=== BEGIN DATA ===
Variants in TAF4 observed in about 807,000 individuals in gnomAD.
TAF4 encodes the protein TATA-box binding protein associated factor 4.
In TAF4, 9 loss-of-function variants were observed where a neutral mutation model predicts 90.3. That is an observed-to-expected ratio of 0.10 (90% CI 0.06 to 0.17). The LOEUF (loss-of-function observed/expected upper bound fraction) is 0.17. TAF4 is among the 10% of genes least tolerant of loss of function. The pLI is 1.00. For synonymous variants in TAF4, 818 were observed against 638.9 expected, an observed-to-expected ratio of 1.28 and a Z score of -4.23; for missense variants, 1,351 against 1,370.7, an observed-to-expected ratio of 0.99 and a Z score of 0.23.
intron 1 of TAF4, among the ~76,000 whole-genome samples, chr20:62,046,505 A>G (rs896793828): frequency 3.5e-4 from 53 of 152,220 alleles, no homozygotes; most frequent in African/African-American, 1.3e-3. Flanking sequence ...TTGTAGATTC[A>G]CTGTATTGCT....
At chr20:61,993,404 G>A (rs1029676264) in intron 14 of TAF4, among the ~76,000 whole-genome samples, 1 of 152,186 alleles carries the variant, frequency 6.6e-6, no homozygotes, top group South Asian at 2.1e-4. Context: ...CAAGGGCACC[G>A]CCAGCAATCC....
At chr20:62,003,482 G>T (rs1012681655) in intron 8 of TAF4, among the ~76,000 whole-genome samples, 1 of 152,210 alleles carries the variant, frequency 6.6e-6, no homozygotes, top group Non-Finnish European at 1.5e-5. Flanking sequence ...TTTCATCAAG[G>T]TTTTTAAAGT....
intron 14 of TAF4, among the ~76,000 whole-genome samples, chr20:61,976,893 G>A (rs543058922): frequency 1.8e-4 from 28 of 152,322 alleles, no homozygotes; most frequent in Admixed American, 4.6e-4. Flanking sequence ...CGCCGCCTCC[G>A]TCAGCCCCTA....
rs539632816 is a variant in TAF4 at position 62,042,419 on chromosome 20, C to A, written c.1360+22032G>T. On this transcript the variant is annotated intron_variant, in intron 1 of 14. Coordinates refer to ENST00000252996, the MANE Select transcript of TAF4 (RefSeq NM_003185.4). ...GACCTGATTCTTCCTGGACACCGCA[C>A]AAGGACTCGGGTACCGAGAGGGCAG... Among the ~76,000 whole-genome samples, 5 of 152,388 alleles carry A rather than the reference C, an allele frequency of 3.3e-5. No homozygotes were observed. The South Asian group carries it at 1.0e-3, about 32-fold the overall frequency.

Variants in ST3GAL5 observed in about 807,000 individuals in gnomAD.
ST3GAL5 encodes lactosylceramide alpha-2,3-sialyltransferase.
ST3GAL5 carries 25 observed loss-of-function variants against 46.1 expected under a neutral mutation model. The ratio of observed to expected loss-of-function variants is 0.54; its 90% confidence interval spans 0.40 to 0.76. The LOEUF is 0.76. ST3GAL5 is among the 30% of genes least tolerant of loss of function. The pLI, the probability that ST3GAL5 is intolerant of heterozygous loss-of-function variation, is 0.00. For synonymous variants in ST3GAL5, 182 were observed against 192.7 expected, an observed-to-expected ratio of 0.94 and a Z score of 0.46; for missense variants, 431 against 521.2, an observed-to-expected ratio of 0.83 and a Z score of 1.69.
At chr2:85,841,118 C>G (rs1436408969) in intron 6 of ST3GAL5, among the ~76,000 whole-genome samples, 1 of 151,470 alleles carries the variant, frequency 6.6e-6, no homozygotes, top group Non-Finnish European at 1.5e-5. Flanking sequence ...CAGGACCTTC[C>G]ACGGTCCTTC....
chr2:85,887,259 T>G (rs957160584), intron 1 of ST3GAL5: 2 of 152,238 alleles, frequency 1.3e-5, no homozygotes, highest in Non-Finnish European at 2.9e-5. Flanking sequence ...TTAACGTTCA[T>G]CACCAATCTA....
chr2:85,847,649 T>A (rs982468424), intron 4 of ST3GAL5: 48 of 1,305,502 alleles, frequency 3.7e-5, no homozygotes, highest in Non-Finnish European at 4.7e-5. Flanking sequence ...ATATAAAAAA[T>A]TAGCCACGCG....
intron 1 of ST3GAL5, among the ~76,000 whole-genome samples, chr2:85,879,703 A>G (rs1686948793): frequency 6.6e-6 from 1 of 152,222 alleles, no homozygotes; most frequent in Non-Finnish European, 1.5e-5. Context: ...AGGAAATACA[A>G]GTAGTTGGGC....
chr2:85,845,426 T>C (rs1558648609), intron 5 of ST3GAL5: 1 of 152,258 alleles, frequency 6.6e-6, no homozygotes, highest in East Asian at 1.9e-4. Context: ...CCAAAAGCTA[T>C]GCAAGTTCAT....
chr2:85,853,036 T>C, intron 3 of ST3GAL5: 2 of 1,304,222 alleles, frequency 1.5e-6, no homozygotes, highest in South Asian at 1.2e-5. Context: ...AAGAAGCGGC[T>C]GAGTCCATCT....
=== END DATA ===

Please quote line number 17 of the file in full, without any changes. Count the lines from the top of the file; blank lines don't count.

chr2:85,853,036 T>C, intron 3 of ST3GAL5: 2 of 1,304,222 alleles, frequency 1.5e-6, no homozygotes, highest in South Asian at 1.2e-5. Context: ...AAGAAGCGGC[T>C]GAGTCCATCT....